Author: David Remnick
About the book
The greatest popular songs, whether it’s Aretha Franklin singing ‘Respect’ or Bob Dylan performing ‘Blind Willie McTell’, have a way of embedding themselves in our memories. You remember a time and a place and a feeling when you hear that song again. In Holding the Note, David Remnick, the Pulitzer Prize-winning journalist and editor of The New Yorker, writes about the lives and work of some of the greatest musicians, songwriters, and performers of the past fifty years.
He portrays a series of musical lives – Leonard Cohen, Buddy Guy, Mavis Staples, Paul McCartney, Bruce Springsteen, Patti Smith, and more – and their unique encounters with the passing of that essential element of music: time. These are intimate portraits of some of the greatest creative minds of our time written with a lifetime’s passionate attachment to music that has shaped us all.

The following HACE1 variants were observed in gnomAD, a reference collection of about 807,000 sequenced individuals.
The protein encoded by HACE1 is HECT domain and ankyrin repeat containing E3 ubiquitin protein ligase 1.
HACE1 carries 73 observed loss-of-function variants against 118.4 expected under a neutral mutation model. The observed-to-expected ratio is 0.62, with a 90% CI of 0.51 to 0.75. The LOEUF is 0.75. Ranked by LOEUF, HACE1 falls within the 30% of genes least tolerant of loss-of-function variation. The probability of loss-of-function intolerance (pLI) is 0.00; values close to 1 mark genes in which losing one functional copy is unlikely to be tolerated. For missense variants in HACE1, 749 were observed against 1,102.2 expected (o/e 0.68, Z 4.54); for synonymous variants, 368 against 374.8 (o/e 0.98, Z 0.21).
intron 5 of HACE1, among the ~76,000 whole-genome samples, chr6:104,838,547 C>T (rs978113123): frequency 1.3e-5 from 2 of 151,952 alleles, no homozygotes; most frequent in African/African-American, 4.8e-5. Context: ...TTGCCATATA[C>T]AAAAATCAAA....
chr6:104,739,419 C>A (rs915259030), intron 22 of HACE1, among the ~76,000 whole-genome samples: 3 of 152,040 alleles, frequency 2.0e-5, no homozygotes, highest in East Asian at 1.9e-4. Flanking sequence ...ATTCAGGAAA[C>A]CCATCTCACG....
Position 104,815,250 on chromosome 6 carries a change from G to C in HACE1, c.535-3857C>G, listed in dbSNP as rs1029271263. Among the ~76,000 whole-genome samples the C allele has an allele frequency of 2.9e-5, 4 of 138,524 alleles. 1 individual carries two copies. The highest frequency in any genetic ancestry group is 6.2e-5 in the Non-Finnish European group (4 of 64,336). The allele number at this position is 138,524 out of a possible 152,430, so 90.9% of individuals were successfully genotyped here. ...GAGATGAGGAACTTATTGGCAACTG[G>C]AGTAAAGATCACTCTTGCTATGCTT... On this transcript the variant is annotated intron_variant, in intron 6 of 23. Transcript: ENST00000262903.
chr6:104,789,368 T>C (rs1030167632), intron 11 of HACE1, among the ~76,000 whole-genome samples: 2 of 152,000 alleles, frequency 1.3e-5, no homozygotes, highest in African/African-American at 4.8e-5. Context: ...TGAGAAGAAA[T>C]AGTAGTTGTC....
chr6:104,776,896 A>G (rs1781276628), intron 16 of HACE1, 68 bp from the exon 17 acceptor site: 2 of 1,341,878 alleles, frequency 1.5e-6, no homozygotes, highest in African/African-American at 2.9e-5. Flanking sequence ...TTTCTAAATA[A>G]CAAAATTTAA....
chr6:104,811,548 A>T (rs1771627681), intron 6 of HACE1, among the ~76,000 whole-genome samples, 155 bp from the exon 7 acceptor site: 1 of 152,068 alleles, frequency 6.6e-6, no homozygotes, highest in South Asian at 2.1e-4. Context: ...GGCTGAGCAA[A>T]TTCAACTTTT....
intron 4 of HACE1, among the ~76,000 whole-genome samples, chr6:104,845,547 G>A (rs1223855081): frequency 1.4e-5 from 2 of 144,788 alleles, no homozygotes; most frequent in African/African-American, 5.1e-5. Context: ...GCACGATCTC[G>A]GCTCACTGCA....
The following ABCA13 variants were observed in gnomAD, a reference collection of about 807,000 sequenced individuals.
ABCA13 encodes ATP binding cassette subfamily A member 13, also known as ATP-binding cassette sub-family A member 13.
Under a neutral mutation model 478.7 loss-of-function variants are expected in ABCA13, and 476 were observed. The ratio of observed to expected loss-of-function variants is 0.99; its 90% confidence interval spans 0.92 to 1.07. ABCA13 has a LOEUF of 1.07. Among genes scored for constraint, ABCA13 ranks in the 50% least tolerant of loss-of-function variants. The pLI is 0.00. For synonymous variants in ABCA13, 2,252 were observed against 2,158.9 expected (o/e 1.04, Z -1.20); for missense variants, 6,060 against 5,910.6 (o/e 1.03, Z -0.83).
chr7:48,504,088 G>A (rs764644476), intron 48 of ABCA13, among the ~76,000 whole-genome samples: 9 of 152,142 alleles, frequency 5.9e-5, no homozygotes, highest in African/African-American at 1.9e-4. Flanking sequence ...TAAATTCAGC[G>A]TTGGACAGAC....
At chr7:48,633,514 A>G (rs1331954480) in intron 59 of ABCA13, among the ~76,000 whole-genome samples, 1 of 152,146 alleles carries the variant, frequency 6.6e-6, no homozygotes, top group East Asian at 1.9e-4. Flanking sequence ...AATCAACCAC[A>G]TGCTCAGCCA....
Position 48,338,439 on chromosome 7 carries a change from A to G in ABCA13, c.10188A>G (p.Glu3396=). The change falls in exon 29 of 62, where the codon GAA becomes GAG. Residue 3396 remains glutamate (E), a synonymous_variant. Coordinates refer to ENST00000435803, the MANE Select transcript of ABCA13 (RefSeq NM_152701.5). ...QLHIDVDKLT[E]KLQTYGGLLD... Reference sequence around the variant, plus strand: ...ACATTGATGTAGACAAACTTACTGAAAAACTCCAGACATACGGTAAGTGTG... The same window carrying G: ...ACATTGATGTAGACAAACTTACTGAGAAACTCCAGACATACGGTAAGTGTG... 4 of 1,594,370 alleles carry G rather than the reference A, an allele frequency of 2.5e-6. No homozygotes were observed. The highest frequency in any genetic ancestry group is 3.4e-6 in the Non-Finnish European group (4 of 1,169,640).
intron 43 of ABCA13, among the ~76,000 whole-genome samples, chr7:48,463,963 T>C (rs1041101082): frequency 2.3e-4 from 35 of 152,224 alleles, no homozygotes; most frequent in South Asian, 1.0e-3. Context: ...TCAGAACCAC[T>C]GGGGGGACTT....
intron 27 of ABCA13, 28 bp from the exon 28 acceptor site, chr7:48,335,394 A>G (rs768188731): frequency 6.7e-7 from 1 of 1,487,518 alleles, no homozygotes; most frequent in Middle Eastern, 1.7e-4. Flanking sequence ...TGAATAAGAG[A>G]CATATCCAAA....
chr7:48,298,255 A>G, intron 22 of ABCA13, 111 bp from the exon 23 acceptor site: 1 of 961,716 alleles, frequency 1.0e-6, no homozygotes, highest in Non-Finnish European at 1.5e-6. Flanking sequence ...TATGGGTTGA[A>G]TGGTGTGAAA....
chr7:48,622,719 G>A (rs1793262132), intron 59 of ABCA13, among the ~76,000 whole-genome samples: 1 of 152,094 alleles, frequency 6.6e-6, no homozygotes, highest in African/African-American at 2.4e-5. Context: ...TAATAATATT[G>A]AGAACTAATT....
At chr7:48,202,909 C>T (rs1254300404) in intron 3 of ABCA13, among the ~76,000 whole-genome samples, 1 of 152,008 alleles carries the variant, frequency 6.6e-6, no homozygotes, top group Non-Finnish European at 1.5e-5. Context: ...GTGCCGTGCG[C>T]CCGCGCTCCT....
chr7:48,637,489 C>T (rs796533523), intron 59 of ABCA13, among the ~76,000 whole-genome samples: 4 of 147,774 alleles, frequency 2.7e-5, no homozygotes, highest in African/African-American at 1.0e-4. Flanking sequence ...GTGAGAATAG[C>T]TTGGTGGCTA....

About the author
David Remnick has been the editor of The New Yorker since 1998 and before that was a staff writer for the magazine for six years. He was previously The Washington Post’s correspondent in the Soviet Union. He is the author of several books, including King of the World, a biography of Muhammad Ali, named the top nonfiction book of the year by Time magazine in 1998, and Lenin’s Tomb, winner of the Pulitzer Prize.